National Geographic : 1912 Oct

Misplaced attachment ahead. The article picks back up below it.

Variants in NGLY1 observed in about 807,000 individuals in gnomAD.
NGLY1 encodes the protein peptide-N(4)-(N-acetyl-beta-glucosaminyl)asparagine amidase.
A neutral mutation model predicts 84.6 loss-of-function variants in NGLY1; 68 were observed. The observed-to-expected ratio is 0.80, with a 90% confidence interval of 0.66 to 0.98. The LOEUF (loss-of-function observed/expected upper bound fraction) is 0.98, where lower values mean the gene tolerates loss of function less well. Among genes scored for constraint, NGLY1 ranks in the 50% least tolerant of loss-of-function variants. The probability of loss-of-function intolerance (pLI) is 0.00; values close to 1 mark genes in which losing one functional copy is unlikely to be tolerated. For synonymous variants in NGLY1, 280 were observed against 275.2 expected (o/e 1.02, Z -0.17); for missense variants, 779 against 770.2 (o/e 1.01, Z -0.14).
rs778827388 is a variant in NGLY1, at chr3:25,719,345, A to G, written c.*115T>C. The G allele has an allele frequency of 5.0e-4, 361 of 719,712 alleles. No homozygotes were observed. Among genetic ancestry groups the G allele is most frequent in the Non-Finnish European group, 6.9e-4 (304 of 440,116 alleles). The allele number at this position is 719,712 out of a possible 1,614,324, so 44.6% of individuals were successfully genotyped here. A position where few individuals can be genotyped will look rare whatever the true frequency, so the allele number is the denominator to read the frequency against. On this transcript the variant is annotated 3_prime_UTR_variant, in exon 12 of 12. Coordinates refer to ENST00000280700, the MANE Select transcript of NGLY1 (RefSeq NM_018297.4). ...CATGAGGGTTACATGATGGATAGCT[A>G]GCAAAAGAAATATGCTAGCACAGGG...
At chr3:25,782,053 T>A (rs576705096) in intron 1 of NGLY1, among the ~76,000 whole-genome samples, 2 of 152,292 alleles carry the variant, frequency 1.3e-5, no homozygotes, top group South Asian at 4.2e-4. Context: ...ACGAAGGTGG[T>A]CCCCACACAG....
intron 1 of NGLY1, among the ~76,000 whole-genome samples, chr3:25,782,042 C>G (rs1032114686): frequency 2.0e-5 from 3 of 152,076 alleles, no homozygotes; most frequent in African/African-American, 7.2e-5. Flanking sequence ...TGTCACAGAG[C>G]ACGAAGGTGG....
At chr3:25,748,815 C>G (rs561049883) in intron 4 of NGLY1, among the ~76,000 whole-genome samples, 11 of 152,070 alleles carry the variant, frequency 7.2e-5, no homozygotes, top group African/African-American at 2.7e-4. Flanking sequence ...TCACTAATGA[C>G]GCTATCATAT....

THE IMAGE OF TZUNG-KA-BA "Unlike other Buddhist images, which usually have a stiff and wooden expression, Tzung-ka-ba is represented by an image having a face like that of a human being" (see text below). page 972), awarded by the former em peror, K'ang-hsi, to restrain and punish the disobedient Lamas. In front of Dupon is the Great Oracle of State (see page 960), where inspired Lamas give answers to inquiries made by those who are eager to know their fortunes or outcome of various affairs. It has even greater influence and au thority than the oracle at Delphi, since here questions are asked and answers given in regard to governmental policy as well as private matters. Its ruling divinity has very wretched features. He is supposed to have sprung from a tree. The shingles of the roofs are made of arrows collected after different battles. THE SERA MONASTERY The Sera, or the "Golden Hill, Mon astery (see page 972) is situated along the hillside north of the city. It is next to the Dupon Monastery in size, with room for 5,500 Lamas. The worship of Tzung-ka-ba, the founder of the Yellow-cap sect of Lama ism, has its seat in this monastery. Un like other Buddhist images, which usually have a stiff and wooden expression, Tzung-ka-ba is represented by an image having a face like that of a human be ing (see above) and holding a scepter which is said to have come down from heaven.